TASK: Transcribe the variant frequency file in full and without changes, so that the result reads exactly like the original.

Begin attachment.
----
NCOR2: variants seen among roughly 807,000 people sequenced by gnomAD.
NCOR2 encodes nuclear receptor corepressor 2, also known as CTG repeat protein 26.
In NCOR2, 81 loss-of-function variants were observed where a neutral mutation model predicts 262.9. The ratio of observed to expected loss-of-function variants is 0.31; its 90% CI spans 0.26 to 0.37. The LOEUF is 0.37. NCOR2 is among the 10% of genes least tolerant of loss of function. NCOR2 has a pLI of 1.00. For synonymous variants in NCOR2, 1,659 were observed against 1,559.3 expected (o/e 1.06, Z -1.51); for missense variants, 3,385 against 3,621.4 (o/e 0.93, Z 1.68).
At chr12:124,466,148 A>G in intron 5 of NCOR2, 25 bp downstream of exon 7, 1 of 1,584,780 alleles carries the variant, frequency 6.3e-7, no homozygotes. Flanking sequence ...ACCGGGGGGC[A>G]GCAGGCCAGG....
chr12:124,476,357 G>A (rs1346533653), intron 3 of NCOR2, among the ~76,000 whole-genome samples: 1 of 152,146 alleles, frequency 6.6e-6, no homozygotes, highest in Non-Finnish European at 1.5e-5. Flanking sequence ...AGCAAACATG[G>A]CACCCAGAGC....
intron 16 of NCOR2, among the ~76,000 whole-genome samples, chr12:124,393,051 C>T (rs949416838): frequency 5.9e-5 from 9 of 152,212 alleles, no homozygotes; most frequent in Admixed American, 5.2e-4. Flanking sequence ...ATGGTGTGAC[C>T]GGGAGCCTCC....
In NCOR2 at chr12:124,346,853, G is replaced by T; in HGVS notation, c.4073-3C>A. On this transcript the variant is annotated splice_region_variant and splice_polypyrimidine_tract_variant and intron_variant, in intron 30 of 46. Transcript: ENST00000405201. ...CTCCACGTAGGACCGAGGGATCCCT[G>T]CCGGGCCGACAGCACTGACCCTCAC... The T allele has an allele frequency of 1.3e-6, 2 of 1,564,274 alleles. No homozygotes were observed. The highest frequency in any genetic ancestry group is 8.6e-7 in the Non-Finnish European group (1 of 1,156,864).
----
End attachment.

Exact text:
NCOR2: variants seen among roughly 807,000 people sequenced by gnomAD.
NCOR2 encodes nuclear receptor corepressor 2, also known as CTG repeat protein 26.
In NCOR2, 81 loss-of-function variants were observed where a neutral mutation model predicts 262.9. The ratio of observed to expected loss-of-function variants is 0.31; its 90% CI spans 0.26 to 0.37. The LOEUF is 0.37. NCOR2 is among the 10% of genes least tolerant of loss of function. NCOR2 has a pLI of 1.00. For synonymous variants in NCOR2, 1,659 were observed against 1,559.3 expected (o/e 1.06, Z -1.51); for missense variants, 3,385 against 3,621.4 (o/e 0.93, Z 1.68).
At chr12:124,466,148 A>G in intron 5 of NCOR2, 25 bp downstream of exon 7, 1 of 1,584,780 alleles carries the variant, frequency 6.3e-7, no homozygotes. Flanking sequence ...ACCGGGGGGC[A>G]GCAGGCCAGG....
chr12:124,476,357 G>A (rs1346533653), intron 3 of NCOR2, among the ~76,000 whole-genome samples: 1 of 152,146 alleles, frequency 6.6e-6, no homozygotes, highest in Non-Finnish European at 1.5e-5. Flanking sequence ...AGCAAACATG[G>A]CACCCAGAGC....
intron 16 of NCOR2, among the ~76,000 whole-genome samples, chr12:124,393,051 C>T (rs949416838): frequency 5.9e-5 from 9 of 152,212 alleles, no homozygotes; most frequent in Admixed American, 5.2e-4. Flanking sequence ...ATGGTGTGAC[C>T]GGGAGCCTCC....
In NCOR2 at chr12:124,346,853, G is replaced by T; in HGVS notation, c.4073-3C>A. On this transcript the variant is annotated splice_region_variant and splice_polypyrimidine_tract_variant and intron_variant, in intron 30 of 46. Transcript: ENST00000405201. ...CTCCACGTAGGACCGAGGGATCCCT[G>T]CCGGGCCGACAGCACTGACCCTCAC... The T allele has an allele frequency of 1.3e-6, 2 of 1,564,274 alleles. No homozygotes were observed. The highest frequency in any genetic ancestry group is 8.6e-7 in the Non-Finnish European group (1 of 1,156,864).